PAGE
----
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What if student athletes didn't have access to free tutors?

Published on Feb. 21, 2011 | Print | Share | Recommend ()

IU Athletics provides tutoring to student athletes in their North End Zone facilities because the available campus resources don’t mesh with athletes’ crazy schedules.

The department employs about 70 undergraduate and graduate students, faculty, and retired faculty as subject-specific tutors for the 650 student athletes on campus.

Kelly Noonan, IU Athletics assistant athletic director for academic and student engagement, says the biggest difference between this service and the academic resources offered to all students is timing.

“The opportunity that we have to provide these services is tied into commitment and amount of time they spend on their sports,” Noonan says.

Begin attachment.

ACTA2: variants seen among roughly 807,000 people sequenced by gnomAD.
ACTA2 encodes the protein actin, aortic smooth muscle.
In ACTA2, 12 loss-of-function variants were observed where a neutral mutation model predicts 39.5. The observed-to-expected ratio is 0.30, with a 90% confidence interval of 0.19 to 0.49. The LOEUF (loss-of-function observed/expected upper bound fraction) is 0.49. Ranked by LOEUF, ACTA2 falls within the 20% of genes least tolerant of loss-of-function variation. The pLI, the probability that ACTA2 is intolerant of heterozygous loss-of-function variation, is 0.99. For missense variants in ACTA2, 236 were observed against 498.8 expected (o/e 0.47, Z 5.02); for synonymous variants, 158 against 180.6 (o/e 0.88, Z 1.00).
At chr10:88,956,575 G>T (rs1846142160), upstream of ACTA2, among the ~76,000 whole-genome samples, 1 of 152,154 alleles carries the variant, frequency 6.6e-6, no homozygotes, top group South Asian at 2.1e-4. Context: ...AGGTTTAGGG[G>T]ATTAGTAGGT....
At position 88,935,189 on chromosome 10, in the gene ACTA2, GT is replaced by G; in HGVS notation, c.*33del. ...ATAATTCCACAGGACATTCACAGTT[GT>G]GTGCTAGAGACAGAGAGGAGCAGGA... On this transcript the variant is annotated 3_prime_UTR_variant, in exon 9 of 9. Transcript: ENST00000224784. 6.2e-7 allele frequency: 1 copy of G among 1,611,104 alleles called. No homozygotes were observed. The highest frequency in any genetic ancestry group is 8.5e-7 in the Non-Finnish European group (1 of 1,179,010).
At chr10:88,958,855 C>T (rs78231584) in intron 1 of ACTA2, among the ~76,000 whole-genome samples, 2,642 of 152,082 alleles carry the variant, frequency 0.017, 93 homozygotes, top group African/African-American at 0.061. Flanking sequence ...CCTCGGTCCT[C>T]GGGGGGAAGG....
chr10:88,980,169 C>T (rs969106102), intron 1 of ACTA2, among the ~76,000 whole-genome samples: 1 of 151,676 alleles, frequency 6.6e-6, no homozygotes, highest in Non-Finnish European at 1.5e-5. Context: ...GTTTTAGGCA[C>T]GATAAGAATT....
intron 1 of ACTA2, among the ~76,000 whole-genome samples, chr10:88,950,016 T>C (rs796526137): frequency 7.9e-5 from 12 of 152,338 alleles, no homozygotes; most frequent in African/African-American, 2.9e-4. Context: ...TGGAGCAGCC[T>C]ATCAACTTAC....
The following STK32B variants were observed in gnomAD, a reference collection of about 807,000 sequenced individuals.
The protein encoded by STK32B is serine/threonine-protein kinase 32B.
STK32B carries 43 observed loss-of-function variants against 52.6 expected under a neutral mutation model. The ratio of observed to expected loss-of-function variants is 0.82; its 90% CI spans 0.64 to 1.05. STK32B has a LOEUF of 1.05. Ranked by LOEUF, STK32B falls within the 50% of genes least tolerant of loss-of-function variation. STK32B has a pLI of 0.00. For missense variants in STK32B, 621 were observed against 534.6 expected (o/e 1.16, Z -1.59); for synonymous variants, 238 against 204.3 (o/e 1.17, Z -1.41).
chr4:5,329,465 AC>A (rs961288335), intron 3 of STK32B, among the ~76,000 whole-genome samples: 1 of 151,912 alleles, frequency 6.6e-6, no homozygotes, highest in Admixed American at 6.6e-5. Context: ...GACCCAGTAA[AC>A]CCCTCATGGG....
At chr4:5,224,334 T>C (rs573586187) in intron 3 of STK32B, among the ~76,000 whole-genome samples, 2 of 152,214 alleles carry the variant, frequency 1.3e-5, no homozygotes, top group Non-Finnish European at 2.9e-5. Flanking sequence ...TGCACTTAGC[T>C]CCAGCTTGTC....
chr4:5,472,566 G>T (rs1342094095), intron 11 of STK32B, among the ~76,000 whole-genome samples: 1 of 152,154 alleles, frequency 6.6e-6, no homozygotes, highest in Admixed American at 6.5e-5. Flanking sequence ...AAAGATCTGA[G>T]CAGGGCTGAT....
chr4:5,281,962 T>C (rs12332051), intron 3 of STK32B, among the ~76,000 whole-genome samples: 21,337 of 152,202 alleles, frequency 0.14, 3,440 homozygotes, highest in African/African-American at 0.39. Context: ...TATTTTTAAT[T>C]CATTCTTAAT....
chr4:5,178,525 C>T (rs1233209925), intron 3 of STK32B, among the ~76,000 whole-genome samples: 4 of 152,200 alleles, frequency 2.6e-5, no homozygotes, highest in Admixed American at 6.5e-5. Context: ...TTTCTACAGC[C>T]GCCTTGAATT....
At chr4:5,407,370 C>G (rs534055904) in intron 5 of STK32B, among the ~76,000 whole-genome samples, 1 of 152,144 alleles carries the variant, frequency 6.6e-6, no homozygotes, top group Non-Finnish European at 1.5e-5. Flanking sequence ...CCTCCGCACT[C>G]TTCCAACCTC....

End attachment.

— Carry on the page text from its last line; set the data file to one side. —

A typical student athlete spends about 20 hours per week on athletics-related activities, not including travel to competitions — add in classes, and that’s the equivalent of a full-time job. IU Athletics tutors work around athletes’ schedules in order to fit tutoring in around early and late practices, and traveling.

“Here we can catch them at nine at night, or at eight in the morning,” Noonan says.

Senior Dan Galos, a member of the track and field team, says he sometimes missed two to three classes per week during the season. He got the information he missed in class from his professors, and then tutors helped him catch up when he got back in town.

Without flexible tutoring schedules, Galos says atheletes’ academics would suffer. “It’s not because they’re not smart,” he says. “It’s just that it can be hard to keep up.”

Without access to the North End Zone, Noonan says the athletes would have to make more use of campus resources like Writing Tutorial Services.

Bottom line: Student athletes would hurt academically, and the free tutoring resources on campus would become even more competitive to use.

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